2. TOTE (Test-Operate-Test-Exit): TOTE should replace the stimulus-response as the basic unit of behavior. In a TOTE unit, a goal is tested to see if it has been achieved and if not an operation is performed to achieve the goal



1. Short term memory (or attention span) is limited to seven chunks of information.

2. Planning (in the form of TOTE units) is a fundamental cognitive process.

3. Behavior is hierarchically organized (e.g., chunks, TOTE units).

Multiple Intelligences

Howard Gardner

Many distinct forms of intelligence that each individual possesses in varying degrees.


Seven primary forms: linguistic, musical, logical-mathematical, spatial, body-kinesthetic, intrapersonal (e.g., insight, metacognition) and interpersonal (e.g., social skills).


1. Individuals should be encouraged to use their preferred intelligences in learning.

2. Instructional activities should appeal to different forms of intelligence.

3. Assessment of learning should measure multiple forms of intelligence.

Script Theory

Roger Schank

Conceptual Scripts: Plans and themes to handle story-level understanding.


1. Conceptualization is defined as an act or doing something to an object in a direction.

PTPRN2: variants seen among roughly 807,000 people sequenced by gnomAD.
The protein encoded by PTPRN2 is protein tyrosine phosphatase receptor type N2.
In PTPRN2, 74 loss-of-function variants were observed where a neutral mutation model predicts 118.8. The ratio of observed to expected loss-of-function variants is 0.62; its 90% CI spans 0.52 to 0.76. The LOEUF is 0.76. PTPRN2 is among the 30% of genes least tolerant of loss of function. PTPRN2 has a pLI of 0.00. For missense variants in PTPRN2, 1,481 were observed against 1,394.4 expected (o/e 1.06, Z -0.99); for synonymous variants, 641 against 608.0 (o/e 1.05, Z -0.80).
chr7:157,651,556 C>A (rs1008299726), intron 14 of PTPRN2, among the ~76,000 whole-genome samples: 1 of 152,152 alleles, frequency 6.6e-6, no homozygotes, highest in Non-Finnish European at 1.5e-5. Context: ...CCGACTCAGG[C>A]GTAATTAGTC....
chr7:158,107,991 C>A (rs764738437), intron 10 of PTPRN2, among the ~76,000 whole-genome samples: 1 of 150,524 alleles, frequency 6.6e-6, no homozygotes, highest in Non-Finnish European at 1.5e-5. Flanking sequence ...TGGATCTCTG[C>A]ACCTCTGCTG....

2. All conceptualizations can be analyzed in terms of a small number of primative acts.

3. All memory is episodic and organized in terms of scripts.

4. Scripts allow individuals to make inferences and hence understand verbal/written discourse. 5. Higher level expectations are created by goals and plans.

Situated Learning

Jean Lave

Social interaction is a critical component: learners become involved in a "community of practice" which embodies certain beliefs and behaviors to be acquired. Situated learning is usually unintentional rather than deliberate.



1. Knowledge needs to be presented in an authentic context, i.e., settings and applications that would normally involve that knowledge.

2. Learning requires social interaction and collaboration.

Social Learning

Albert Bandura

Emphasizes the ability to learn new response through observation and imitation of others



  1. The highest level of observational learning is achieved by first organizing and rehearsing the modeled behavior symbolically and then enacting it overtly. Coding modeled behavior into words, labels or images results in better retention than simply observing.